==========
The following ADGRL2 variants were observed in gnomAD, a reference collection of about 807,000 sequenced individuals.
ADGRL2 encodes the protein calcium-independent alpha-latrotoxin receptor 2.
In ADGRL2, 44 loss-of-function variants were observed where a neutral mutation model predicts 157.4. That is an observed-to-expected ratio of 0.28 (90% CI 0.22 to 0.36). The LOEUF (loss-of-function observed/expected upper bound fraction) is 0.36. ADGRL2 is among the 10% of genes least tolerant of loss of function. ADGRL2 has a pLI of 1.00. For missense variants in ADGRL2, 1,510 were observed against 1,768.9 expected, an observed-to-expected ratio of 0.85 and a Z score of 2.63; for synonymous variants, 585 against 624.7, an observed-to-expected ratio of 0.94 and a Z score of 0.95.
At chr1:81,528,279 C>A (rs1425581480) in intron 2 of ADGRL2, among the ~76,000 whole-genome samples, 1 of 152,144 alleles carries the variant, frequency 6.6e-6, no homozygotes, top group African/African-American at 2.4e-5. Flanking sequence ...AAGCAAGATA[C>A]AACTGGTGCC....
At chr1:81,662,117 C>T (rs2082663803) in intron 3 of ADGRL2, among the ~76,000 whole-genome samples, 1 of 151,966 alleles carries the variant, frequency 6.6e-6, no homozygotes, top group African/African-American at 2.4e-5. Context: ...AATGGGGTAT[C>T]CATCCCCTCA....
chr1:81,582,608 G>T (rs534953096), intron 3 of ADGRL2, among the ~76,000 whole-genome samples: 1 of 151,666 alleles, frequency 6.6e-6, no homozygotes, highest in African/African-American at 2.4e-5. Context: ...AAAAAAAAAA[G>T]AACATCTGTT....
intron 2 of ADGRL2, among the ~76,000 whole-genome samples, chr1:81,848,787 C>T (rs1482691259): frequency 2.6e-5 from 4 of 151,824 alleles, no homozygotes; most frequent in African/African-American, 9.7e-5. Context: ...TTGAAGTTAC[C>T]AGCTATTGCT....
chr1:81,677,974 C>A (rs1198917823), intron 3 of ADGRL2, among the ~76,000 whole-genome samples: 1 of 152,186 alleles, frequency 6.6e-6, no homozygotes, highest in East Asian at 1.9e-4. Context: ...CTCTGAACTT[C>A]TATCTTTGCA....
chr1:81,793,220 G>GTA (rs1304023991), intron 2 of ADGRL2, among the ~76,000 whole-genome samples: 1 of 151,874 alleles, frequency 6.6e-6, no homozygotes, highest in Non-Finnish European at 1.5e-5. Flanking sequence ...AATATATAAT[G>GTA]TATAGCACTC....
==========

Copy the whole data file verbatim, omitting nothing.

The following ADGRL2 variants were observed in gnomAD, a reference collection of about 807,000 sequenced individuals.
ADGRL2 encodes the protein calcium-independent alpha-latrotoxin receptor 2.
In ADGRL2, 44 loss-of-function variants were observed where a neutral mutation model predicts 157.4. That is an observed-to-expected ratio of 0.28 (90% CI 0.22 to 0.36). The LOEUF (loss-of-function observed/expected upper bound fraction) is 0.36. ADGRL2 is among the 10% of genes least tolerant of loss of function. ADGRL2 has a pLI of 1.00. For missense variants in ADGRL2, 1,510 were observed against 1,768.9 expected, an observed-to-expected ratio of 0.85 and a Z score of 2.63; for synonymous variants, 585 against 624.7, an observed-to-expected ratio of 0.94 and a Z score of 0.95.
At chr1:81,528,279 C>A (rs1425581480) in intron 2 of ADGRL2, among the ~76,000 whole-genome samples, 1 of 152,144 alleles carries the variant, frequency 6.6e-6, no homozygotes, top group African/African-American at 2.4e-5. Flanking sequence ...AAGCAAGATA[C>A]AACTGGTGCC....
At chr1:81,662,117 C>T (rs2082663803) in intron 3 of ADGRL2, among the ~76,000 whole-genome samples, 1 of 151,966 alleles carries the variant, frequency 6.6e-6, no homozygotes, top group African/African-American at 2.4e-5. Context: ...AATGGGGTAT[C>T]CATCCCCTCA....
chr1:81,582,608 G>T (rs534953096), intron 3 of ADGRL2, among the ~76,000 whole-genome samples: 1 of 151,666 alleles, frequency 6.6e-6, no homozygotes, highest in African/African-American at 2.4e-5. Context: ...AAAAAAAAAA[G>T]AACATCTGTT....
intron 2 of ADGRL2, among the ~76,000 whole-genome samples, chr1:81,848,787 C>T (rs1482691259): frequency 2.6e-5 from 4 of 151,824 alleles, no homozygotes; most frequent in African/African-American, 9.7e-5. Context: ...TTGAAGTTAC[C>T]AGCTATTGCT....
chr1:81,677,974 C>A (rs1198917823), intron 3 of ADGRL2, among the ~76,000 whole-genome samples: 1 of 152,186 alleles, frequency 6.6e-6, no homozygotes, highest in East Asian at 1.9e-4. Context: ...CTCTGAACTT[C>A]TATCTTTGCA....
chr1:81,793,220 G>GTA (rs1304023991), intron 2 of ADGRL2, among the ~76,000 whole-genome samples: 1 of 151,874 alleles, frequency 6.6e-6, no homozygotes, highest in Non-Finnish European at 1.5e-5. Flanking sequence ...AATATATAAT[G>GTA]TATAGCACTC....